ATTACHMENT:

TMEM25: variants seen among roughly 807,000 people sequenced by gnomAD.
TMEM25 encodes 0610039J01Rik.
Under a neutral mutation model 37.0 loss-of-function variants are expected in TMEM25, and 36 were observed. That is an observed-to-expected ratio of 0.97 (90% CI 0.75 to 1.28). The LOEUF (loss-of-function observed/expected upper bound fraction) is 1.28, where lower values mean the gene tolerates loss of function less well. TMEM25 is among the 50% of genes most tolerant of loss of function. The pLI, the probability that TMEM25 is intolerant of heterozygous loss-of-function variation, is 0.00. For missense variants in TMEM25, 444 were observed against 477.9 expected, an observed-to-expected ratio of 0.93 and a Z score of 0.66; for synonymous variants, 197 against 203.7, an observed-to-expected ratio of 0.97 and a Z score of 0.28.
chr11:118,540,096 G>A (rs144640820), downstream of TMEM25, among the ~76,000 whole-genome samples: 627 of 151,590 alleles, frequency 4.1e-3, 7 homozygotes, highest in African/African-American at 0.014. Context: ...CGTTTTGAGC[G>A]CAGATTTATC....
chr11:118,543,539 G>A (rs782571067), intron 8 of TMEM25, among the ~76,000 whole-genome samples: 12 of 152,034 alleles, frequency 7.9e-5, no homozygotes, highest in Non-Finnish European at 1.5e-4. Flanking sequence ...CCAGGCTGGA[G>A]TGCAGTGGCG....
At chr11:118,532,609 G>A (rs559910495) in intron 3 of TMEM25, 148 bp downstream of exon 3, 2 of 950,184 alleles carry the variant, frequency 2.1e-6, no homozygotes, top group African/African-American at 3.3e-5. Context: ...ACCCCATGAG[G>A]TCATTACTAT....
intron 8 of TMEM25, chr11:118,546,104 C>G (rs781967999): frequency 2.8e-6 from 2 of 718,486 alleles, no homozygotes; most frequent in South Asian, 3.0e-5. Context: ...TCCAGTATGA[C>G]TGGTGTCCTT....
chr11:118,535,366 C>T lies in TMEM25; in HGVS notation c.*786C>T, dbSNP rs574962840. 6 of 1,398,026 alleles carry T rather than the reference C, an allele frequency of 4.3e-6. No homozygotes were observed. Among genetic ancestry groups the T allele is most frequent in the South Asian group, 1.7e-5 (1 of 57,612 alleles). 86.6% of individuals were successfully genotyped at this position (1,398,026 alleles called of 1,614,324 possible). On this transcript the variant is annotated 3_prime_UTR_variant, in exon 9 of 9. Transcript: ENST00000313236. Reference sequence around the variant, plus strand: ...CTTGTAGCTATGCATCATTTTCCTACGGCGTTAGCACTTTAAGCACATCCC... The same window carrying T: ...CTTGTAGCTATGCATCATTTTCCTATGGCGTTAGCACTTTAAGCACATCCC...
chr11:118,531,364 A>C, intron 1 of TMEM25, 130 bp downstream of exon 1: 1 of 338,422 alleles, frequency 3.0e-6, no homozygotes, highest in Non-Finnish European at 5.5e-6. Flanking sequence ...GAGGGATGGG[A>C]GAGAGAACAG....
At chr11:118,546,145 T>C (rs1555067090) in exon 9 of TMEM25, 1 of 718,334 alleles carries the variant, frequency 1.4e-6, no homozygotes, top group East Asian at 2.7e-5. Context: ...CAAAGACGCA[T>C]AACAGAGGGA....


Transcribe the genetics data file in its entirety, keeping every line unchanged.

TMEM25: variants seen among roughly 807,000 people sequenced by gnomAD.
TMEM25 encodes 0610039J01Rik.
Under a neutral mutation model 37.0 loss-of-function variants are expected in TMEM25, and 36 were observed. That is an observed-to-expected ratio of 0.97 (90% CI 0.75 to 1.28). The LOEUF (loss-of-function observed/expected upper bound fraction) is 1.28, where lower values mean the gene tolerates loss of function less well. TMEM25 is among the 50% of genes most tolerant of loss of function. The pLI, the probability that TMEM25 is intolerant of heterozygous loss-of-function variation, is 0.00. For missense variants in TMEM25, 444 were observed against 477.9 expected, an observed-to-expected ratio of 0.93 and a Z score of 0.66; for synonymous variants, 197 against 203.7, an observed-to-expected ratio of 0.97 and a Z score of 0.28.
chr11:118,540,096 G>A (rs144640820), downstream of TMEM25, among the ~76,000 whole-genome samples: 627 of 151,590 alleles, frequency 4.1e-3, 7 homozygotes, highest in African/African-American at 0.014. Context: ...CGTTTTGAGC[G>A]CAGATTTATC....
chr11:118,543,539 G>A (rs782571067), intron 8 of TMEM25, among the ~76,000 whole-genome samples: 12 of 152,034 alleles, frequency 7.9e-5, no homozygotes, highest in Non-Finnish European at 1.5e-4. Flanking sequence ...CCAGGCTGGA[G>A]TGCAGTGGCG....
At chr11:118,532,609 G>A (rs559910495) in intron 3 of TMEM25, 148 bp downstream of exon 3, 2 of 950,184 alleles carry the variant, frequency 2.1e-6, no homozygotes, top group African/African-American at 3.3e-5. Context: ...ACCCCATGAG[G>A]TCATTACTAT....
intron 8 of TMEM25, chr11:118,546,104 C>G (rs781967999): frequency 2.8e-6 from 2 of 718,486 alleles, no homozygotes; most frequent in South Asian, 3.0e-5. Context: ...TCCAGTATGA[C>G]TGGTGTCCTT....
chr11:118,535,366 C>T lies in TMEM25; in HGVS notation c.*786C>T, dbSNP rs574962840. 6 of 1,398,026 alleles carry T rather than the reference C, an allele frequency of 4.3e-6. No homozygotes were observed. Among genetic ancestry groups the T allele is most frequent in the South Asian group, 1.7e-5 (1 of 57,612 alleles). 86.6% of individuals were successfully genotyped at this position (1,398,026 alleles called of 1,614,324 possible). On this transcript the variant is annotated 3_prime_UTR_variant, in exon 9 of 9. Transcript: ENST00000313236. Reference sequence around the variant, plus strand: ...CTTGTAGCTATGCATCATTTTCCTACGGCGTTAGCACTTTAAGCACATCCC... The same window carrying T: ...CTTGTAGCTATGCATCATTTTCCTATGGCGTTAGCACTTTAAGCACATCCC...
chr11:118,531,364 A>C, intron 1 of TMEM25, 130 bp downstream of exon 1: 1 of 338,422 alleles, frequency 3.0e-6, no homozygotes, highest in Non-Finnish European at 5.5e-6. Flanking sequence ...GAGGGATGGG[A>C]GAGAGAACAG....
At chr11:118,546,145 T>C (rs1555067090) in exon 9 of TMEM25, 1 of 718,334 alleles carries the variant, frequency 1.4e-6, no homozygotes, top group East Asian at 2.7e-5. Context: ...CAAAGACGCA[T>C]AACAGAGGGA....